Monday, July 20, 2009

Upper Cherry Creek.

I can remember like it was yesterday, November 4th 2006 I found myself standing at a table stacked full of Daniel Delavergne t-shirts and a bucket full of donations for the Katie Hillike cancer fund. I was in awe of the magnitude of the rapid that was on the back of the T shirt. As I showed the shirt to my friends, the king of the green race Tommy Hillike explained the shot to me. It was Daniel running Cherry Bomb Gorge on day 2 of Upper Cherry Creek, and as the sun went down on the green race party that year I was sure of two things, that one day I would make it to Upper Cherry and run the cherry bomb gorge, and that I ate way to much BBQ.
Two years later on August 29th 2008, I separated my shoulder training for the green race for the second time that year. I knew this ment surgery and missing the green race and they entire winter creeking season, which ment one thing, I would do what it takes to be in California for the 2009 summer. 
Eleven months later on July 3rd I was in Groveland, Ca just outside the Cherry Creek wilderness loading up my kayak for 3 days on the Granite. Bryan Kirk, Dave Levitt, Rok Sribar, and I loaded up the the WaveSport van and Roks Car and headed to the trail head in the dark. Running Upper Cherry includes almost a full day of hiking with the kayak, I don't know exactly how far it is because ive heard everything from 8-13 miles. However we decided to start at 11 pm and hike an hour or two in the dark in order to avoid the heat and mosquito's during the switch backs which are in first 2 miles. We slept about 6 hours at about mile 2.5 and then got up and hiked the rest of the way to the creek. Being my first wilderness run with a 10+ mile hike I was really struggling with my back pack only to run into Ben Stooksberry and Darin Mcqoid who inspired me to shoulder it the whole way. I remember Darin explaining to me..... "Put that Ipod in and switch shoulders every song, that backpack is not helping you."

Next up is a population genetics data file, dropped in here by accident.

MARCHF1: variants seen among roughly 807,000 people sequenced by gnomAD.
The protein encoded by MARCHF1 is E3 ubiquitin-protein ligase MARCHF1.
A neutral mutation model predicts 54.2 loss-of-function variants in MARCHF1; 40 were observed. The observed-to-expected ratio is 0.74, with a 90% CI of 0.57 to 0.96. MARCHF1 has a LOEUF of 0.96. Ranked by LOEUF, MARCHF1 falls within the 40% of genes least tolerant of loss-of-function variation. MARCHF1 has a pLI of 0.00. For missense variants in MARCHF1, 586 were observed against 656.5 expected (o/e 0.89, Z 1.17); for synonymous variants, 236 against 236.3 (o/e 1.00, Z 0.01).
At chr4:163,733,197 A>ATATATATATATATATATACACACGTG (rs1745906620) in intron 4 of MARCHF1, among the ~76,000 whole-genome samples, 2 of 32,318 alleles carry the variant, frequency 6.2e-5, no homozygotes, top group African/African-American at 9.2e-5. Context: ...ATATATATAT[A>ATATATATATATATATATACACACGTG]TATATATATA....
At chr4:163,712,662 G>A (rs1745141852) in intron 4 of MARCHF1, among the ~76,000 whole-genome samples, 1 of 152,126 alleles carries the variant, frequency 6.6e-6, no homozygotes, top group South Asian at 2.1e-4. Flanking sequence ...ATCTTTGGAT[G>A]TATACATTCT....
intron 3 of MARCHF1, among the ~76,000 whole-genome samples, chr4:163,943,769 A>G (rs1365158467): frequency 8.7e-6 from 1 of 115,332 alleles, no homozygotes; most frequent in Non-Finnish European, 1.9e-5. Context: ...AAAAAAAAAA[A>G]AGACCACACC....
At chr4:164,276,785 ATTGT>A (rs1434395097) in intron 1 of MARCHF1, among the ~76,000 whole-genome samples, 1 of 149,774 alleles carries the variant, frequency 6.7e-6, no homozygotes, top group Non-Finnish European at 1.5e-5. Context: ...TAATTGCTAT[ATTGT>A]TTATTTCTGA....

At around 3 pm I believe after 8 hours of shouldering a loaded boat Bryan and I finally saw the Upper Cherry Creek. It was a dream come true, I was 36 hours drive and a 10 hour walk from home and there was no where id rather be. I tried to block out Cherry Bomb, mostly because I was nervous, in a way we were so close but still so far. There were some major rapids between me and and accomplishing that 3 year goal from that talk with Tommy at at the green race table. Would my shoulder hold up? Was the water low enough? I knew I had to take it one rapid at a time, and at the time the issue was that Dave and Rok had not made it to the put in yet. 
After 2 hours of resting and drinking water at the put in Dave and Rok come paddling down stream in all there gear and there hands raised. They had gone past the put in and put in a half a mile higher then the put in. So at 5 pm and having hiked all day we decided to put in a couple of hours and then call it a day. 
I was amazed at the audacity of the scenery of this place. Granite as far as the eye could see, crystal clear water, and beautiful granite slides made for some of the most enjoyable rapids I've ever paddled. Im not completely sure the name of the place we camped but it wasn't to far above Gorilla West. 
We woke up early the next morning and packed up only to paddle up on a naked couple swimming in the creek. They were pretty impressed by watching us run a 4 foot slot and I remember thinking man if they only knew what was down stream. I had lent that same DD t-shirt from the green race party to Bryan for the Hike and realized I better get it back for good luck, after all I was going to be at Cherry Bomb that before lunch.  After a few hours of excellent whitewater we found ourselves stratling an enormous boulder that over looks cherry bomb. This was it, I was finally here, and I was actually going to do this. At first glimpse the gorge looked incredibly committing but definitely doable although the water didn't look as low as I thought it was going to be. I tried to block out the horror of the consequences of not getting far enough left and taking a long recirculating ride in the pothole, only to most likely swim they entire gorge. I knew that it happened to a few people before but it wasn't going to be me. If there was one line I was going to clean in California this was going to be it.